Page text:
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Europe on alert against manipulation of information

It is a guarded danger like milk on fire, between European heads of state, in the same way as Brexit, or the risk of trade war with China or the United States. The risk of manipulation of information is one of the haunts of the Twenty-eight, which had put the subject on the agenda of the European Council of 21 and 22 March.

In their conclusions, the leaders called "To further strengthen coordinated efforts to tackle the domestic and external aspects of misinformation and to protect European and national elections throughout the EU".

Europe entrusts the reins of the fight against misinformation to platforms

"Insufficient" efforts

The urgency is as strong as the balance of power is disloyal. A thousand Russian agents would work in a "Troll factory"in St. Petersburg to spread false information about other world powers. Opposite, the East Stratcom Task Force, created in 2015 to counter these attacks, brings together only a few dozen civil servants.

Hence the reaction, in December 2018, of the European Commission, which has more than doubled the resources of the "Strategic communication" between 2018 and 2019, from 1.9 million to 5 million euros. Some efforts "Insufficient" had immediately tempered Andrus Ansip, vice president in charge of digital.

In a forum distributed throughout Europe, Emmanuel Macron proposed, on March 3, to create a "European agency for the protection of democracies" who "Provide European experts to each Member State to protect its electoral process against cyber attacks and manipulation".

But for now, the Europeans have not caught the ball. "There is no resistance to the idea, it is rather consensus, but the contours of this agency are very vague. Will it be technical or editorial, with what means? For the moment we do not know »explains Nicolas Arpagian, expert in digital security (1).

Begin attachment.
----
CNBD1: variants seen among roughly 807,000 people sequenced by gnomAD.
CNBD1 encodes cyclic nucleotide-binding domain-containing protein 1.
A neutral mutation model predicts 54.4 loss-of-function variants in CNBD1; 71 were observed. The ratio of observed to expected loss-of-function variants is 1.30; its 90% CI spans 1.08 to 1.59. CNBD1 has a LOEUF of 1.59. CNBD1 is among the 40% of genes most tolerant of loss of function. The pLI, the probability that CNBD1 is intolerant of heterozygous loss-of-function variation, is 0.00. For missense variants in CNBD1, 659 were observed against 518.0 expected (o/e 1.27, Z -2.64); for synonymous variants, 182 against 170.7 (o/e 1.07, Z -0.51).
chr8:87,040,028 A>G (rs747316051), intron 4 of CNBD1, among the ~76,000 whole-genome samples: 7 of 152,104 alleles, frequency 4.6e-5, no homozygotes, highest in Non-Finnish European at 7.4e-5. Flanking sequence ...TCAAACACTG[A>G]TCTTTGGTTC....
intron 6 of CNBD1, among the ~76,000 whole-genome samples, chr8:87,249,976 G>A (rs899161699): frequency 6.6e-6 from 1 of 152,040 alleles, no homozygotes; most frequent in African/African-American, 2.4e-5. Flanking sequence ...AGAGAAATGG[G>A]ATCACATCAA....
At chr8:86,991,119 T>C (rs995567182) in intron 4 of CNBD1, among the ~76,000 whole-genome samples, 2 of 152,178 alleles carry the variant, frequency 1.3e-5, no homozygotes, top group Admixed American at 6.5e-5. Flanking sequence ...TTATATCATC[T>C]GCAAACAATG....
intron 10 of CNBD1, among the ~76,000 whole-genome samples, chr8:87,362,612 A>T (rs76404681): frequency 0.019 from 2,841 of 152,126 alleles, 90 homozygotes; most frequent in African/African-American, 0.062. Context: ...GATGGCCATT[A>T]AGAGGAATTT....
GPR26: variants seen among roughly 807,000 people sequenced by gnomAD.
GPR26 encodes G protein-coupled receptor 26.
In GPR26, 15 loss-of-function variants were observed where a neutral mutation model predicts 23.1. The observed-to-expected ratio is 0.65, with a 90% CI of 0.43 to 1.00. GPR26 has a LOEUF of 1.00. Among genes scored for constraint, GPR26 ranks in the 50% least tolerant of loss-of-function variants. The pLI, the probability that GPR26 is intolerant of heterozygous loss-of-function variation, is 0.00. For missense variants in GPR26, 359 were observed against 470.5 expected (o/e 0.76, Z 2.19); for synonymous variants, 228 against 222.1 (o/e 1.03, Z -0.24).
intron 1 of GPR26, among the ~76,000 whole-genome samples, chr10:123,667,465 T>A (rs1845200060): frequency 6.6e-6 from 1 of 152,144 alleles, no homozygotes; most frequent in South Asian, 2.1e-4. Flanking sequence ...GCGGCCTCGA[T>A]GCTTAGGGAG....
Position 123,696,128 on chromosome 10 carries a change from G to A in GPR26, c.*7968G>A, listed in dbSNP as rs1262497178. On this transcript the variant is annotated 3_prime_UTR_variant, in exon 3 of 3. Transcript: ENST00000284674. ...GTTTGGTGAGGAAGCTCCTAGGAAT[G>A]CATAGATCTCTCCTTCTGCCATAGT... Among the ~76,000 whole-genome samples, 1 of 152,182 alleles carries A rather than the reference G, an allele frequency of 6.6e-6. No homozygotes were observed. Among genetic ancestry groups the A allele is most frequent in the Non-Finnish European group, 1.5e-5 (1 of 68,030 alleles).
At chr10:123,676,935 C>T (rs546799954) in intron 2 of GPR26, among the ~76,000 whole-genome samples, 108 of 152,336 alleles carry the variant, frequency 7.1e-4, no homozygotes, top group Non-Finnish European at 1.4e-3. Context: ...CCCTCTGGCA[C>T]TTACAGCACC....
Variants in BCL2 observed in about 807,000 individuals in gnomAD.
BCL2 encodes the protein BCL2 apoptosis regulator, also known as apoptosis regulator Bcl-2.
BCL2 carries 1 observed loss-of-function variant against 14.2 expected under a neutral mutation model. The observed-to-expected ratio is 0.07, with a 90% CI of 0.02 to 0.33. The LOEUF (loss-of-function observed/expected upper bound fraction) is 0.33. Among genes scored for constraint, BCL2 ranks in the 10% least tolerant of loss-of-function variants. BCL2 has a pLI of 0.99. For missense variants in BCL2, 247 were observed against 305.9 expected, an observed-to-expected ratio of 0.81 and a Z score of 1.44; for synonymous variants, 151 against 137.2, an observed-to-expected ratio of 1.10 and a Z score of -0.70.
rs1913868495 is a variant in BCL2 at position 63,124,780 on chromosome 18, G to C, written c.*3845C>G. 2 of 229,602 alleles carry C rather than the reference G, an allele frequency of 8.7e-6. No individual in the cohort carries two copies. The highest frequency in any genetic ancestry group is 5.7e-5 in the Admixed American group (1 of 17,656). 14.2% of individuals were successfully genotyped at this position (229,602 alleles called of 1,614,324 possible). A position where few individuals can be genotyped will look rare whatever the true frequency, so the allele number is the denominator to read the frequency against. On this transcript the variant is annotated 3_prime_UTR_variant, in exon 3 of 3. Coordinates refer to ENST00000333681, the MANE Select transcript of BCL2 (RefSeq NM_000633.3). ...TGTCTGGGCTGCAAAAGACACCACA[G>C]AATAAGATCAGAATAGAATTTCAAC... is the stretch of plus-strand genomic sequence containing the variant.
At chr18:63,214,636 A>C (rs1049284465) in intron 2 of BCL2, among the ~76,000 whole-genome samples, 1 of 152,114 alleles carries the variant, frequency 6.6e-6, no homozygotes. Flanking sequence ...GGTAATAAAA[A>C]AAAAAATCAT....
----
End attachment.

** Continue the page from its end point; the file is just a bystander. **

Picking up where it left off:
A code of conduct signed by Facebook, Google and Twitter

There is already a European technical cybersecurity agency responsible for network and information security, ENISA. But its location in Crete, Heraklion, which makes it very geographically distant major centers of decision of the continent, as well as its low budget – 11 million euros per year – says a lot about the credit granted to him . The brand new "Early warning system" between European and national institutions to share and analyze attacks in real time is located in Brussels.

Among the weapons to be countered, there are the operations of "Bots" (software robots) on social networks. The EU executive has signed a code of conduct for large online platforms (Facebook, Twitter and Google) to close false accounts still active and report "Non-human interactions". But their first reports in February provided "Too little information"regretted the Commission.

Attacks from all sides

Misinformation campaigns do not come only from the East. Former US President Steve Bannon's advisor, a close associate of national billionaire Robert Mercer, today offers his services as a consultant to Italian, French and Belgian far-right parties in the European elections. "The manipulations start from where there is already a favorable breeding ground, even if to appropriate victories which are not necessarily attributable to it", warns Nicolas Arpagian.

For the expert, however, there is no country more exposed than another. "Just having a connected company is enough to be in the viewfinder. The European Union focuses on citizen awareness and education. She is probably right. For there is no better bulwark than human intelligence to disarm lies. "


Media and social networks on the front line

To be more effective in their tracking of misinformation during the campaign of the Europeans, nineteen media from thirteen countries (including, in France, Agence France-Presse and the daily Libération) have jointly launched a collaborative platform, called FactCheckEU (www.factcheckeu.info). It is a matter of verifying doubtful information and answering the problem created by fake news circulation across borders.

Pressured, Internet giants like Twitter, Google or WhatsApp also say they want to better control their content, without always convincing. Facebook, the main channel for spreading false news, is the most criticized. The group says it seeks to maintain a balance "between freedom of expression and the need for reliable information." On March 29, he launched an advertising transparency device, supposed to avoid interference in the European campaign.



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